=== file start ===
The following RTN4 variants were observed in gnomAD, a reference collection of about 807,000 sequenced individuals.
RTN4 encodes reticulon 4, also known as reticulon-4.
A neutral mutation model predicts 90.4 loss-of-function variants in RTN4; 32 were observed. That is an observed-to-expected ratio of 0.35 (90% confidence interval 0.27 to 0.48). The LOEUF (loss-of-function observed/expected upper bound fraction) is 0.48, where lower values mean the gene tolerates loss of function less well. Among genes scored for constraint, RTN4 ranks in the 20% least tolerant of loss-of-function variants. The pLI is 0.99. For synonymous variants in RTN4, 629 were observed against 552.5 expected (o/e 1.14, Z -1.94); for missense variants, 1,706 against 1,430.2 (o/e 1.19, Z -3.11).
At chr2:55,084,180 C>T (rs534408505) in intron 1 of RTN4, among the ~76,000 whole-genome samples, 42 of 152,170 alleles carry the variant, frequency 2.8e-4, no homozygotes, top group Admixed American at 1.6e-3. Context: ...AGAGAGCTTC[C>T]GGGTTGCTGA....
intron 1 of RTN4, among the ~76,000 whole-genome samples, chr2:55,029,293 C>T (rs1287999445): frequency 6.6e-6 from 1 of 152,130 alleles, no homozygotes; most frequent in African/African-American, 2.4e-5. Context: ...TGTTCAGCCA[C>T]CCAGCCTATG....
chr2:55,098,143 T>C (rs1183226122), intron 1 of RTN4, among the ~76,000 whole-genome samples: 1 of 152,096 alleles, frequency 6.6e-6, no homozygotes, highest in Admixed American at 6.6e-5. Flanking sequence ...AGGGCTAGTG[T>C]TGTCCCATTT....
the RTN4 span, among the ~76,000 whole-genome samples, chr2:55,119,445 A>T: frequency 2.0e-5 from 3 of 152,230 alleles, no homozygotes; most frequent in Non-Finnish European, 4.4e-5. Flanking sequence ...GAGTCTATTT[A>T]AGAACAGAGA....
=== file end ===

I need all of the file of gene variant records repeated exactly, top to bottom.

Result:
The following RTN4 variants were observed in gnomAD, a reference collection of about 807,000 sequenced individuals.
RTN4 encodes reticulon 4, also known as reticulon-4.
A neutral mutation model predicts 90.4 loss-of-function variants in RTN4; 32 were observed. That is an observed-to-expected ratio of 0.35 (90% confidence interval 0.27 to 0.48). The LOEUF (loss-of-function observed/expected upper bound fraction) is 0.48, where lower values mean the gene tolerates loss of function less well. Among genes scored for constraint, RTN4 ranks in the 20% least tolerant of loss-of-function variants. The pLI is 0.99. For synonymous variants in RTN4, 629 were observed against 552.5 expected (o/e 1.14, Z -1.94); for missense variants, 1,706 against 1,430.2 (o/e 1.19, Z -3.11).
At chr2:55,084,180 C>T (rs534408505) in intron 1 of RTN4, among the ~76,000 whole-genome samples, 42 of 152,170 alleles carry the variant, frequency 2.8e-4, no homozygotes, top group Admixed American at 1.6e-3. Context: ...AGAGAGCTTC[C>T]GGGTTGCTGA....
intron 1 of RTN4, among the ~76,000 whole-genome samples, chr2:55,029,293 C>T (rs1287999445): frequency 6.6e-6 from 1 of 152,130 alleles, no homozygotes; most frequent in African/African-American, 2.4e-5. Context: ...TGTTCAGCCA[C>T]CCAGCCTATG....
chr2:55,098,143 T>C (rs1183226122), intron 1 of RTN4, among the ~76,000 whole-genome samples: 1 of 152,096 alleles, frequency 6.6e-6, no homozygotes, highest in Admixed American at 6.6e-5. Flanking sequence ...AGGGCTAGTG[T>C]TGTCCCATTT....
the RTN4 span, among the ~76,000 whole-genome samples, chr2:55,119,445 A>T: frequency 2.0e-5 from 3 of 152,230 alleles, no homozygotes; most frequent in Non-Finnish European, 4.4e-5. Flanking sequence ...GAGTCTATTT[A>T]AGAACAGAGA....